This post caters to more of the technical audience so if there is anything you don’t understand, please feel free to reach out to me with any specific questions you may have.
Meta tags are a way to send signals to the search engines to tell them specific information about a web page. Defined by Wikipedia they are “data about data.” There are two different types of meta data, structural and descriptive. Meta data is useful because it helps search engines in terms of displaying and indexing data when search results are returned.
Meta Index, Noindex, Follow and Nofollow Tags
One of the more popular and important meta tags are the robots tag. This single line of code can make or break your sites performance in the SERPs. I’ve seen this tag implemented incorrectly more often than I care to mention so this is usually one of the first places I check when performing a technical audit.
According the official robots guidelines, there are three correct ways to set up this tag.
<meta name=”robots” content=”noindex, follow”>
<meta name=”robots” content=”index, nofollow”>
<meta name=”robots” content=”noindex, nofollow”>
Here is a breakdown of how those tags work:
How the Meta Robots Tags Work
The most common talked about robots tag is noindex,nofollow. What this tag does is tell search engines not to index that particular web page as well as not to follow any of the links on that page. Keep in mind that the NOINDEX tag does not mean a particular page will be ignored by search engine spiders, they will just not be displayed in the SERPs.
The NOINDEX, FOLLOW tag may be used for something like a login page has great navigation but little value to the websites performance. The goal here is to keep a particular page out of the SERPs but still crawl any links found here to their destination.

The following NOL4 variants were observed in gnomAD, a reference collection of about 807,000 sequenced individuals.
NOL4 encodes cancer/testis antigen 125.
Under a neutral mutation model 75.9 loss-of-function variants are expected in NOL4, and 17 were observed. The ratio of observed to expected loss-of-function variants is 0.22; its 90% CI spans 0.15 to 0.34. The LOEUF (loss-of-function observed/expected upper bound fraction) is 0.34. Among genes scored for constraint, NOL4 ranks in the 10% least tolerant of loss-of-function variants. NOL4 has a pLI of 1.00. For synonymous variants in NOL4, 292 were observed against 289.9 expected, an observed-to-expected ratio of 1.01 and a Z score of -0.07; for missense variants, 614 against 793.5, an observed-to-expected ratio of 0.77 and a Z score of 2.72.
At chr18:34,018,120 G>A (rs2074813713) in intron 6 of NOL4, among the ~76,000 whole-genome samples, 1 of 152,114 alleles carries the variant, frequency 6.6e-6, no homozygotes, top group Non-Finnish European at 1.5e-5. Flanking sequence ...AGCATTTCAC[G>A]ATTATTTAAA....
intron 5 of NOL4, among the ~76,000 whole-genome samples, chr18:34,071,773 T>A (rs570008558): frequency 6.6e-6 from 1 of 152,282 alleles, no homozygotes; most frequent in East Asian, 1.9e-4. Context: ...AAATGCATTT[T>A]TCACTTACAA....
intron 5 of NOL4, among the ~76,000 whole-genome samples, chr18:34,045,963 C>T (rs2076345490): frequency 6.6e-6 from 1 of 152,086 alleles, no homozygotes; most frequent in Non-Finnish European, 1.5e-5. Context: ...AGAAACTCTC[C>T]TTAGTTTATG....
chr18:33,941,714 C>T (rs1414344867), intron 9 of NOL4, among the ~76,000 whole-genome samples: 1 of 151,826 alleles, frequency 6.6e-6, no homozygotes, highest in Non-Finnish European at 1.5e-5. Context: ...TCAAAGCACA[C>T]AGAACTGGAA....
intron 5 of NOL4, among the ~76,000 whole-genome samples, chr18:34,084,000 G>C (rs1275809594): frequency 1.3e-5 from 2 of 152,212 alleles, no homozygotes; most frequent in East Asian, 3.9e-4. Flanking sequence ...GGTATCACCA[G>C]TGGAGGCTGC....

Since there is usually limited content on login pages, you may want to consider employing a tag like this to prevent it from being indexed, but still pass along any link value to other pages within the site.
Lastly, the INDEX, NOFOLLOW tag is one that I don’t see too often. This will allow search engines to index your pages content but will not crawl any of the links on that page. A tag like this would generally be used for a new page on a new site that you would like to be indexed, but the other pages are not completed or live yet.
Are There More Meta Tags?
The list of meta tags goes on to include noimageindex which will not index images, noodp which block search engines from using the description from DMOZ, noarchive prevents search engines from showing cached versions of a page. For a complete list of additional meta tags, check out this post by Joost de Valk
If you’d like to see more examples of meta data or any additional technical topics covered, please reach out to me and I will do my best to comply.